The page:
Julia earned metrics were slightly above average across the board. Her personal essay does a nice job of walking us through her process with the map.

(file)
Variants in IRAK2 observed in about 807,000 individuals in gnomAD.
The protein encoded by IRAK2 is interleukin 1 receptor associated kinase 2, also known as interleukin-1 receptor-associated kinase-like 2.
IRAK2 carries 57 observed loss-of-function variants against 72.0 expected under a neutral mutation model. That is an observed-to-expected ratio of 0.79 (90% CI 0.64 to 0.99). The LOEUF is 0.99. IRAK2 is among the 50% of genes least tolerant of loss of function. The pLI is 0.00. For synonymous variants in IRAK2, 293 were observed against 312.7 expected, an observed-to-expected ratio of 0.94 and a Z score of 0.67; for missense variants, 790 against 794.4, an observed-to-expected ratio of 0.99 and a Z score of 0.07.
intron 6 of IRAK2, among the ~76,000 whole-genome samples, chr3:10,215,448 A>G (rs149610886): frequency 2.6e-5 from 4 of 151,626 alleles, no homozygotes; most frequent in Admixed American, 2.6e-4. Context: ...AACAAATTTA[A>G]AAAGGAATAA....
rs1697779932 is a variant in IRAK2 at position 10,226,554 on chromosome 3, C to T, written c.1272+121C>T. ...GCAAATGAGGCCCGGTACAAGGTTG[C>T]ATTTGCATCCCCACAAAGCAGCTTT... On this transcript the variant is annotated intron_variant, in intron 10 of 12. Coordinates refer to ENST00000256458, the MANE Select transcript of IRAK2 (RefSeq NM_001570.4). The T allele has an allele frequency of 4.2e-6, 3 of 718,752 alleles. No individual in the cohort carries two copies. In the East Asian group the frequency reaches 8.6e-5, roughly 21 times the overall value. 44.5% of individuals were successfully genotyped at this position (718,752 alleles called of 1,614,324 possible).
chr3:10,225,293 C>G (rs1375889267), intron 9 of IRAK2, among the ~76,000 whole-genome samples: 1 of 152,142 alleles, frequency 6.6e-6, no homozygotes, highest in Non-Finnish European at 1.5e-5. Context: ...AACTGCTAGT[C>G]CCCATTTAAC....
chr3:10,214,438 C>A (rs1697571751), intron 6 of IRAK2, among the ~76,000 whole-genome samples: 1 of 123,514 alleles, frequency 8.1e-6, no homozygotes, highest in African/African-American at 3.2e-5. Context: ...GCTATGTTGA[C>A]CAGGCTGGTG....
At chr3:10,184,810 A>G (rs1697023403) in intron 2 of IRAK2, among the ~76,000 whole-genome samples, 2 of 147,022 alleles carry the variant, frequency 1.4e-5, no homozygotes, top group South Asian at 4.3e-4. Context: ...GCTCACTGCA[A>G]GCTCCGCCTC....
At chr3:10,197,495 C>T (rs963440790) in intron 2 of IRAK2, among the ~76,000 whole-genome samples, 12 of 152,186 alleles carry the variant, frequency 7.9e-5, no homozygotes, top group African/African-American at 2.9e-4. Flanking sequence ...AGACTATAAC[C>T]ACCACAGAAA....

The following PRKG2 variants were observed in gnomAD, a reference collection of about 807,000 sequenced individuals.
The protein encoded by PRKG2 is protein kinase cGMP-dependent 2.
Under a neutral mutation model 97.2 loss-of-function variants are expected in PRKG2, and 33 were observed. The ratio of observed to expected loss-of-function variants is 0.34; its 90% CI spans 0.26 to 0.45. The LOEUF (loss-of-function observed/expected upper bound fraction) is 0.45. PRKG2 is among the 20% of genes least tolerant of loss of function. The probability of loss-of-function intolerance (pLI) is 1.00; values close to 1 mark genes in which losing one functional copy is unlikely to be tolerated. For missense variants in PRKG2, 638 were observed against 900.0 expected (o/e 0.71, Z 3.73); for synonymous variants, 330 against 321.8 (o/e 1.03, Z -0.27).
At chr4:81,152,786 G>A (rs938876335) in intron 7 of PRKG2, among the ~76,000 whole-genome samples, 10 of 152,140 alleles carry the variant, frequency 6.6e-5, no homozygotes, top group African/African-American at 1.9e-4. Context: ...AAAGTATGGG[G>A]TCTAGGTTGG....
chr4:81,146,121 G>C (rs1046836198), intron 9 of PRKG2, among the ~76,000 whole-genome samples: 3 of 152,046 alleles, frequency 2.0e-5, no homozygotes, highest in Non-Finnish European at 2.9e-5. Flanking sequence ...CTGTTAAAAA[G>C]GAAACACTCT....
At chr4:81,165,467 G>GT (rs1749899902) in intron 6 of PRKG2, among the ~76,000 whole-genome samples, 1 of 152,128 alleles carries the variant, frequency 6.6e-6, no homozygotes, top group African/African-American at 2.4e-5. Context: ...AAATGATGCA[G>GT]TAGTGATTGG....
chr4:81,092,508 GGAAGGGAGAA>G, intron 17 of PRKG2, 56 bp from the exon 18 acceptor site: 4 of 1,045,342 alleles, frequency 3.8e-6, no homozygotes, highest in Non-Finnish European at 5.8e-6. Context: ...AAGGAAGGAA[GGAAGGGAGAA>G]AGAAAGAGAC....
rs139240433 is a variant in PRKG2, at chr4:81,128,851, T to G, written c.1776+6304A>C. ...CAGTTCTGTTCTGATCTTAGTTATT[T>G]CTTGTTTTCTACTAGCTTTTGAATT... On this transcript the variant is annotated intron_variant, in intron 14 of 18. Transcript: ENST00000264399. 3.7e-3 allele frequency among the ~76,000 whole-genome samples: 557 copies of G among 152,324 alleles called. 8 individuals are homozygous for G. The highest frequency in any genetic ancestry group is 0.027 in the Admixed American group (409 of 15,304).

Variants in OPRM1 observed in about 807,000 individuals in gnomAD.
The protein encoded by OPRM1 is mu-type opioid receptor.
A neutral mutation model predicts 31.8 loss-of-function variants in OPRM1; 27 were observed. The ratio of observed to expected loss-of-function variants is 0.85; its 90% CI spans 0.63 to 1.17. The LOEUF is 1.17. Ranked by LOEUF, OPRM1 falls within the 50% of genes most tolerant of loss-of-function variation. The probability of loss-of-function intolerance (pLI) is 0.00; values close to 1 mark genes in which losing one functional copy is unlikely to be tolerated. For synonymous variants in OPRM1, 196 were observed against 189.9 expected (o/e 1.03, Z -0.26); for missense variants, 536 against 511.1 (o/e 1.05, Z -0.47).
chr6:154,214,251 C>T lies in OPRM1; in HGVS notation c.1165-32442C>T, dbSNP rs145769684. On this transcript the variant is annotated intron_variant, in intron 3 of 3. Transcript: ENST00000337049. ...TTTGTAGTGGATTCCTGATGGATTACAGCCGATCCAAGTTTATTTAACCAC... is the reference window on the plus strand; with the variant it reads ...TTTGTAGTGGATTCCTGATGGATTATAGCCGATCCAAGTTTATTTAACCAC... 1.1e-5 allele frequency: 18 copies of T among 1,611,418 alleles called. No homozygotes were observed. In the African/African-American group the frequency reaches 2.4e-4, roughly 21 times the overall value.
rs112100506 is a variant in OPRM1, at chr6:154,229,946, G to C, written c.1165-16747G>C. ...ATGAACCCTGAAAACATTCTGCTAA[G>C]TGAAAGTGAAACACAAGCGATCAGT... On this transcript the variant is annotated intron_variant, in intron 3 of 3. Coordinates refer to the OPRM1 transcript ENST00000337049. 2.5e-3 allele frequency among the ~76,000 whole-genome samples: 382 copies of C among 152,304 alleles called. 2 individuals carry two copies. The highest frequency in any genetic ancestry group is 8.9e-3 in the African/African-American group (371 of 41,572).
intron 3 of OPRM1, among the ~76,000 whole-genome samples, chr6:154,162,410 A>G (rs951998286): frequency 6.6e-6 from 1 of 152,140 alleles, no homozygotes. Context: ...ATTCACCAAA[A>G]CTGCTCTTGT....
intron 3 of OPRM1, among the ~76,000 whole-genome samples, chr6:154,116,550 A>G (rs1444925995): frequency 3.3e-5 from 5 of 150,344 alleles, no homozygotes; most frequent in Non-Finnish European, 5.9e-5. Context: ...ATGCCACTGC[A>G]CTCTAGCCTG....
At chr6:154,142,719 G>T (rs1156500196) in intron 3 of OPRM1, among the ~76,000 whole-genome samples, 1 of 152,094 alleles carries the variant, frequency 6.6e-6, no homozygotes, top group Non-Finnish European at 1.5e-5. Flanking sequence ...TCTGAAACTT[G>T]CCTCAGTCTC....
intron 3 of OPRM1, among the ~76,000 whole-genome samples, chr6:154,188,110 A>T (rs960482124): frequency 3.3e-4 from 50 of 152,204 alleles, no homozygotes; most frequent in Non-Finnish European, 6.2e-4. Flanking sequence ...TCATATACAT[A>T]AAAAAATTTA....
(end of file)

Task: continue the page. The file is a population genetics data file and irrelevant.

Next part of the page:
The main factors that influenced how I split up pennsylvania into the 17 district that you see here was population size and preserving county lines and municipality lines. Since the House of Representatives was founded on the idea that population size matters, it made sense to me to prioritize this aspect of my congressional map. Each of the districts in a state are required to have roughly the same population. I wanted the variation within my districts to stay as low as possible, so as I went through each district I didn't move on until the population size was as close to, or exactly the target number present on the stats side of the map. Eventually this got harder and harder to accomplish without breaking up counties and cities. When I got to the city of pittsburgh I decided to preserve the split between allegheny and westmoreland county because allegheny county has substantially more people than westmorland county. I had to split allegheny county into two districts because their total population was way over the target amount and not even in range of being acceptable. I also had to do that when i was drawing districts nine and ten because they encompass the majority of the city and county of Philadelphia. Other than those metropolitan areas, and few counties i had to “take chunks out of” to fulfill the population requirement, almost all of the county lines were preserved. I think that is a pretty important factor when it comes to voter turnout because instead of having to organize and run multiple elections in multiple districts, as well as inform their citizens about where they can go to vote and how absentee ballots work, entire counties can give info and run voter turnout campaigns focused on just one congressional district. With all of a counties voting resources focused on one district, we might see higher voter turnout rates.